Republicans Equate Aid Workers With Terrorists In Hearing On U.N. Funding
Republican lawmakers repeatedly equated aid workers with Hamas terrorists during a heated hearing Tuesday as they called for the U.S. government to permanently stop funding the United Nations agency responsible for helping Palestinian refugees in Gaza.
Last week, the U.S. and more than a dozen other countries paused aid to the United Nations Relief and Works Agency for Palestine Refugees in the Near East (UNRWA), the largest aid organization in war-torn Gaza. The sanctions came in response to an intelligence report from Israel alleging that 12 of UNRWA’s roughly 13,000 employees were involved Hamas’ deadly Oct. 7 attack on Israel. The Wall Street Journal reported last week that some 10% of the organization’s staffers have ties to Islamist militant groups, citing intelligence documents.
“The United Nations relief workers agency is a terrorist-supporting entity, ladies and gentlemen,” Rep. Scott Perry (R-Pa.) said at Tuesday’s House Foreign Affairs committee hearing.
Rep. Christopher Smith (R-N.J.) called UNRWA, the primary source of humanitarian aid to millions of people in Gaza, the “identical twin” of Hamas.
Without evidence, Rep. Rich McCormick (R-Ga.) claimed that Hamas was far more deeply embedded in UNRWA than Israeli intelligence suggested.
“Those 12 employees are just the tip of the iceberg when you talk about possibly thousands of employees’ loyalty to Hamas and antisemitic and anti-American interests,” he said.
Rep. Brian Mast (R-Fla.) pointed to a lack of Hamas mentions on UNRWA’s social media pages as proof of the agency’s complicity.
“It is clear that UNRWA would never use its platform to speak out against Hamas, because it is in cahoots with Hamas,” he claimed.
HuffPost reached out to UNRWA for comment Tuesday evening and has yet to hear back.
The agency confirmed last week that it had ended “several” employees’ contracts following Israel’s reports and that it had ordered its own investigation into the matter. But its commissioner general, Philippe Lazzarini, said over the weekend that the decision to halt funding is unconscionable.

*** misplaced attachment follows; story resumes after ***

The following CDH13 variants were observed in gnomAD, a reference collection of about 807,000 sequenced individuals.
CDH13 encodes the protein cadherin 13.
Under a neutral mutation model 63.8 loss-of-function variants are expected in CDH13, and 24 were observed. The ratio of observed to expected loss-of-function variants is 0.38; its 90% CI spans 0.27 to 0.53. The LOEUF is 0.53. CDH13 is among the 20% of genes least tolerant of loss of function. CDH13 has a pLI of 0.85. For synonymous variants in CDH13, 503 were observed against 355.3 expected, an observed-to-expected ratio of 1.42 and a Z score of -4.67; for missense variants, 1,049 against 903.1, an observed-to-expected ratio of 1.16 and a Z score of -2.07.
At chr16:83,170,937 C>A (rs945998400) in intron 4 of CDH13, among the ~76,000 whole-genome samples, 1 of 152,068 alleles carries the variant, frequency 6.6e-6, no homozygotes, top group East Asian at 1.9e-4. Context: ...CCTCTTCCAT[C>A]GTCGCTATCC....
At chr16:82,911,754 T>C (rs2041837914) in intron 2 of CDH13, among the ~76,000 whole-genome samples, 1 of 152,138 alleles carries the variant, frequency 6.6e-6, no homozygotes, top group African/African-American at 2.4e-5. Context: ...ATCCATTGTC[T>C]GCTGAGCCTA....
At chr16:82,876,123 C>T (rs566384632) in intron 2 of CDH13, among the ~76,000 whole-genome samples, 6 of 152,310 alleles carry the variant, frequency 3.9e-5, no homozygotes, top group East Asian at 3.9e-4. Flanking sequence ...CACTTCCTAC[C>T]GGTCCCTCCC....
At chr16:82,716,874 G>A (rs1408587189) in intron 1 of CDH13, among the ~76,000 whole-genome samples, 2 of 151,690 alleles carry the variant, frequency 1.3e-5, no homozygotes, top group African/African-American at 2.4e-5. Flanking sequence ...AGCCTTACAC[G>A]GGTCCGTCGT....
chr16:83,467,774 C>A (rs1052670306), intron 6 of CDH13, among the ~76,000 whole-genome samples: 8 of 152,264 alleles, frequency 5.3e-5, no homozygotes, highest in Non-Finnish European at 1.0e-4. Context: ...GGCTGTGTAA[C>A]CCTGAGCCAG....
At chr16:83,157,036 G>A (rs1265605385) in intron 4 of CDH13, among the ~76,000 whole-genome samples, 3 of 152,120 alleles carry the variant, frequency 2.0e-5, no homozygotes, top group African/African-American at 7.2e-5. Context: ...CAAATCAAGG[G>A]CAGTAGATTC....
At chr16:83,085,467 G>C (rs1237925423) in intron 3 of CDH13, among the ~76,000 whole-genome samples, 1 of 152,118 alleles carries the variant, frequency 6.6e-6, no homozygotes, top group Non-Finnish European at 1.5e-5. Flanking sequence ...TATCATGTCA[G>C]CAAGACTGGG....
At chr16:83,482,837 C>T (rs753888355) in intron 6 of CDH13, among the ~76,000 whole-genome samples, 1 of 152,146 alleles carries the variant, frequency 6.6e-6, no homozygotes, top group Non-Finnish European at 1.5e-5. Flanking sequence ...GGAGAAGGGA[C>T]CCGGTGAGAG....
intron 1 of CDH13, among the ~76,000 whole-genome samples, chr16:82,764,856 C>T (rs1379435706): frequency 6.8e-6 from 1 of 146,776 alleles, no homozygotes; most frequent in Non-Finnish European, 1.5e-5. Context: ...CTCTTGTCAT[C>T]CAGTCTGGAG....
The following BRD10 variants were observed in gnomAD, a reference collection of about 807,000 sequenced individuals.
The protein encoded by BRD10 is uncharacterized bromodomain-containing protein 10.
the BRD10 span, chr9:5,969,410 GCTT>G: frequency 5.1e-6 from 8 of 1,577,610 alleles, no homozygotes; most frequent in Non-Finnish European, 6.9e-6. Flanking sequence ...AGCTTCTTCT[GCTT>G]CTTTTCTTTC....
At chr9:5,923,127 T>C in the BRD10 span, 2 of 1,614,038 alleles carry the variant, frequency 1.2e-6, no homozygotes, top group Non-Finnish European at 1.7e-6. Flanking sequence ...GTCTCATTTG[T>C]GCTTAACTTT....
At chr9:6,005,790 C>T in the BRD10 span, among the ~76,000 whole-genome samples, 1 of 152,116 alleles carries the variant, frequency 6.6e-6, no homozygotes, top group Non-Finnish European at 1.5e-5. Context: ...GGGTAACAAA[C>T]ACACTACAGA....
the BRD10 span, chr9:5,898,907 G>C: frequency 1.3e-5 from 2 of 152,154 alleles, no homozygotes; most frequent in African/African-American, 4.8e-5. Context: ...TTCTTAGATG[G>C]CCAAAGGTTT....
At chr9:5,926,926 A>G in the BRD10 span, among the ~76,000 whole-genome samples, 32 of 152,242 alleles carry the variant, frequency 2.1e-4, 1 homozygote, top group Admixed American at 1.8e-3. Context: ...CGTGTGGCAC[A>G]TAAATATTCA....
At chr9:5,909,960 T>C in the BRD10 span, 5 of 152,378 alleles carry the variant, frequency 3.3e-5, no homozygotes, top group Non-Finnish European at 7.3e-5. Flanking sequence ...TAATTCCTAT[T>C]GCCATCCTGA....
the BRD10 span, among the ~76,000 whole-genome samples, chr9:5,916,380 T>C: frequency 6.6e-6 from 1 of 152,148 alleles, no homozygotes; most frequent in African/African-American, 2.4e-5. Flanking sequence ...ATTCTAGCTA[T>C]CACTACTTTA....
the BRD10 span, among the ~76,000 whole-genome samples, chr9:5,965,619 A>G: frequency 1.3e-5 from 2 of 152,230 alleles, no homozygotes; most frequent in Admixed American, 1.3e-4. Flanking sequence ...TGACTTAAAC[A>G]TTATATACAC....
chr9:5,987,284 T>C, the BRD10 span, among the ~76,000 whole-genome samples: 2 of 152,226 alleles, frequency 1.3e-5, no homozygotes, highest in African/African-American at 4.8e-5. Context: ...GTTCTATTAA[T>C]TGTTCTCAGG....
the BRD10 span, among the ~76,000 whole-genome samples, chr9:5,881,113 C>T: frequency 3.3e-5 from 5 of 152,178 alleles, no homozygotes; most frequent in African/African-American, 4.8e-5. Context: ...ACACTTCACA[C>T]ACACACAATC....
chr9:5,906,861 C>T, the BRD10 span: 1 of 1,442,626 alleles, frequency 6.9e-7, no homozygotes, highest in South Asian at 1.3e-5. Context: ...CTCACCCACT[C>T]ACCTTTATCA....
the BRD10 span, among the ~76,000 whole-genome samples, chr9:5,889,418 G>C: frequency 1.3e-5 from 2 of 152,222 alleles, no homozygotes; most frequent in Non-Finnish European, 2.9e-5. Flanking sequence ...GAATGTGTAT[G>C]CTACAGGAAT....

“It would be immensely irresponsible to sanction an Agency and an entire community it serves because of allegations of criminal acts against some individuals, especially at a time of war, displacement and political crises in the region,” he said.
Rep. Jason Crow (D-Colo.) echoed those sentiments at Tuesday’s hearing.
“The horrifying and inexcusable actions of roughly a dozen people should not speak for the over 13,000 UNRWA employees in Gaza,” he said.
The entire population of Gaza is currently facing famine unless Israel restores access to food, clean water, sanitation and other essentials, the World Food Program warned last month.
“Humanitarian aid and conflict zones must continue. And it’s difficult under the best of circumstances. And we know that conditions in Gaza are far from that,” Crow continued.
Republicans argued at the hearing that other agencies, such as the U.N. High Commission for Refugees and the World Food Program, could take on the work of UNRWA, which has been delivering aid in the Palestinian territories since 1949.
But relief experts say that’s an unreasonable proposal. Expecting other aid groups to fill in the gaps left by UNRWA is “magical thinking,” Janti Soeripto, president and CEO of Save the Children, told HuffPost on Monday.
The latest conflict in the region erupted when Hamas killed about 1,200 Israelis in an attack in October. Israel launched an offensive in response, and more than 26,000 people in Gaza have been killed in the resulting war.